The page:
"It brings many health benefits. I've built muscle and have a low body fat percentage. When I do taijiquan, I'm in a meditation state, and it eases my anxiety and improves my temperament."

Lin often reads books about it and has gradually become more familiar with the traditional Chinese philosophy of taijiquan. She has also designed some visual works inspired by taijiquan, and hopes to promote the martial art through modern means.

According to Chinese philosophy, tai chi (short for taijiquan) is the ultimate origin of the cosmos. It has also inspired ChiRunning — a combination of tai chi and running, which is purported to reduce injury risk. The training philosophy, founded by ultra-marathon runner Danny Dreyer from the United States, has gained popularity globally. It emphasizes a leaning posture, muscle relaxation, mindfulness and a systematic breathing method.

In 2017, Wen Yi, 52, an avid runner from Huizhou, Guangdong province, went to Shenzhen and Hong Kong for a ChiRunning training event that was taught by Dreyer.

Wen had aches in his knees and fainted once during a marathon, so he decided to find a safer and more efficient running method.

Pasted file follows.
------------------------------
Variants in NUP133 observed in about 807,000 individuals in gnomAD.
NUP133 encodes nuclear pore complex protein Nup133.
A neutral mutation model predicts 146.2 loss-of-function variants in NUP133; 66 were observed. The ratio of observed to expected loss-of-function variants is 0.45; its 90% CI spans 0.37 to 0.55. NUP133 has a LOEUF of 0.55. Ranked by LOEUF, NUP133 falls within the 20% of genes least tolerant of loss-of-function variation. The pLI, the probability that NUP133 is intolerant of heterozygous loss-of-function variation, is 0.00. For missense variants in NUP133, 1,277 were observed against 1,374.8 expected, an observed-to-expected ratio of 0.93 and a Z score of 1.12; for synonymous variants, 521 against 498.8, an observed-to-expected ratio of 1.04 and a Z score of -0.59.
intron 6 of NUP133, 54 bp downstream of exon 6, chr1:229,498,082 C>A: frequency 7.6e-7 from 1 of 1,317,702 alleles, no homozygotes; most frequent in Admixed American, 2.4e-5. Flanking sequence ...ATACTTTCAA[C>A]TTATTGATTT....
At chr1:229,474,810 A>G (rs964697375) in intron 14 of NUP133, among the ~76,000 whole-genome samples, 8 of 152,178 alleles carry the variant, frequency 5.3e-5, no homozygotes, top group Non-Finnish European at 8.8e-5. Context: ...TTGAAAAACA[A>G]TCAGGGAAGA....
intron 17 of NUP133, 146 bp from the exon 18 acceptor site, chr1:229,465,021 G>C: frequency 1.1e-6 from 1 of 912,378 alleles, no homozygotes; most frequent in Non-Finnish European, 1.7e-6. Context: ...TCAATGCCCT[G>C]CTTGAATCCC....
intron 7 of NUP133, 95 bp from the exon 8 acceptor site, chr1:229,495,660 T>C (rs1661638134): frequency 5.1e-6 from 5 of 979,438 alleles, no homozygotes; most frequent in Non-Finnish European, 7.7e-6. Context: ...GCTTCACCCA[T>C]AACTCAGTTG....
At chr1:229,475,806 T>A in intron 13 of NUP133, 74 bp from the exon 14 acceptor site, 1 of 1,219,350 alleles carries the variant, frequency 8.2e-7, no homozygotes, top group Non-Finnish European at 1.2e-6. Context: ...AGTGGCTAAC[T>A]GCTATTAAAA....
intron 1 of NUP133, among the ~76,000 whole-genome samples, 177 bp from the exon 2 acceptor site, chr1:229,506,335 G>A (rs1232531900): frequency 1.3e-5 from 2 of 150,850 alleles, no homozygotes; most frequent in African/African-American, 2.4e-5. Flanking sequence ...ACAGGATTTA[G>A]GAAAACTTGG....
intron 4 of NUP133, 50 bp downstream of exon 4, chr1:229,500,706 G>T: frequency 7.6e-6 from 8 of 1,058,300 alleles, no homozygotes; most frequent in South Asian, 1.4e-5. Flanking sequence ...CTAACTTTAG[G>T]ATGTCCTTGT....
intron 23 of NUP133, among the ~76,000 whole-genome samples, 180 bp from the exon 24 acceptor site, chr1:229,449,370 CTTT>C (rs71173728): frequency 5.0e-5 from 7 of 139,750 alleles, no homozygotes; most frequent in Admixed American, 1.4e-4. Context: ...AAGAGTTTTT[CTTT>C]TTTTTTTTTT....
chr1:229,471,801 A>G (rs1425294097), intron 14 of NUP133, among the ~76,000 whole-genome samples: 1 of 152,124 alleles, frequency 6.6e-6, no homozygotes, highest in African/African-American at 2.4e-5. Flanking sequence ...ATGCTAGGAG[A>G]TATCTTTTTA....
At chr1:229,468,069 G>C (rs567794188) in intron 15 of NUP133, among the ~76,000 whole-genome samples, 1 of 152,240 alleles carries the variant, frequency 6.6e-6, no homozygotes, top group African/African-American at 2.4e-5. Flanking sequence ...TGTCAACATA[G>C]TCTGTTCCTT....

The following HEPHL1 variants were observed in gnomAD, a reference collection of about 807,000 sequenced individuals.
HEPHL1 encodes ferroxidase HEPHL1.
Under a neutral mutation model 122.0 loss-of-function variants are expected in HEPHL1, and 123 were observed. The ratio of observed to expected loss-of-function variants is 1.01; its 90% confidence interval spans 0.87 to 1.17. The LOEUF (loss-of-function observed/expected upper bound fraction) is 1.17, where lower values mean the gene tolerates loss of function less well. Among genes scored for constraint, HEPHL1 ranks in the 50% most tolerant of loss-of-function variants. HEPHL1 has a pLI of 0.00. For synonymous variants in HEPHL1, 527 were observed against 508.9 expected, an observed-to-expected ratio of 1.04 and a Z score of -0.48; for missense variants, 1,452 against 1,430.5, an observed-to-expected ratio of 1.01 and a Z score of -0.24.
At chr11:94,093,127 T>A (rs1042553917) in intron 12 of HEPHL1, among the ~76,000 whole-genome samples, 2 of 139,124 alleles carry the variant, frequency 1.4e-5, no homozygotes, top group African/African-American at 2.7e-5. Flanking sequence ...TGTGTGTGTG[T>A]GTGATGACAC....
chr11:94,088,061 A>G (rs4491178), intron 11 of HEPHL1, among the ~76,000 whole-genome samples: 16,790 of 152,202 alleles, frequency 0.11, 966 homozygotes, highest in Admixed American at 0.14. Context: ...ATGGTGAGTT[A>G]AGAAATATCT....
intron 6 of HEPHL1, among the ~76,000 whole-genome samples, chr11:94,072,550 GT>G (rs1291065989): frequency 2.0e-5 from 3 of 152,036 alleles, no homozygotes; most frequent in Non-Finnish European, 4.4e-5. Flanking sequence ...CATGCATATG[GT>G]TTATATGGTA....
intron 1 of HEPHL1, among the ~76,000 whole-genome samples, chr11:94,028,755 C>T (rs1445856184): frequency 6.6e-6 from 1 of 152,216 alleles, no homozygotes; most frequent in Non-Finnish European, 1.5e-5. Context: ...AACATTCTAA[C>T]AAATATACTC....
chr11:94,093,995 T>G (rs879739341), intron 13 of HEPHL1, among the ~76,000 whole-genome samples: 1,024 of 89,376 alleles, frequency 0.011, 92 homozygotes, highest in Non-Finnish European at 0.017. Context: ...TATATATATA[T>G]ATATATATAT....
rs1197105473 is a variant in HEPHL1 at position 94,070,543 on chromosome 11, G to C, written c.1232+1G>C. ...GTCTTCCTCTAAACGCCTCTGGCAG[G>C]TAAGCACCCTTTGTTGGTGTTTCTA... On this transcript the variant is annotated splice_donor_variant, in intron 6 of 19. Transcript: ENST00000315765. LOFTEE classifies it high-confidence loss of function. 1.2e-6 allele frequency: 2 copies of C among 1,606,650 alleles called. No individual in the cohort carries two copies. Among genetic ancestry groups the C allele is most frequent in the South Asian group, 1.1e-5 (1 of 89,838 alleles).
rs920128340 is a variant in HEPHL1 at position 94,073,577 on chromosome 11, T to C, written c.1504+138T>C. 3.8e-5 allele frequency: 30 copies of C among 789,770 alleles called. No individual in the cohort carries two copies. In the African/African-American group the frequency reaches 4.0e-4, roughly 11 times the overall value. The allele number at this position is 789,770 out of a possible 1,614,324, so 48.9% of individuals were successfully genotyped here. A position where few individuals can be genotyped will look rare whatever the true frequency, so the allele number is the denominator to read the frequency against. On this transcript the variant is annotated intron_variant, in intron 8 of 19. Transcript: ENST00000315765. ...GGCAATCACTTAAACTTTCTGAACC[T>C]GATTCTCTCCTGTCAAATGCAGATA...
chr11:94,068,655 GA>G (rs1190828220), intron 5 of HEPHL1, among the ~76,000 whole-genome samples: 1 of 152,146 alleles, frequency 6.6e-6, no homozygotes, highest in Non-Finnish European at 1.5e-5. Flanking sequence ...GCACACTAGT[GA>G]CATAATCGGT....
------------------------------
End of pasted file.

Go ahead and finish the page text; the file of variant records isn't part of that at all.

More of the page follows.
"ChiRunning combines the essence of tai chi philosophy and techniques of running. It's a scientific running system that prevents you from being injured," Wen says.

"Tai chi was originally ancient Chinese wisdom that was published in books. There are more people learning about the wisdom through taijiquan, and starting to comprehend the meaning of life," he says.

The Huizhou Plogging Association has been organizing activities combining jogging with picking up litter. Last year, Wen volunteered to teach others plogging, sharing the techniques of ChiRunning while doing so.

"You can take exercise, do a good deed and protect the environment at the same time, via plogging. Many parents bring their children to join the events," he says.

"It's important to keep pace with modern life to promote tai chi, which is like an old towering tree, and ChiRunning is one of its fruits for today's society. I'm proud that I now teach ChiRunning while plogging, which is very meaningful."

Contact the writers at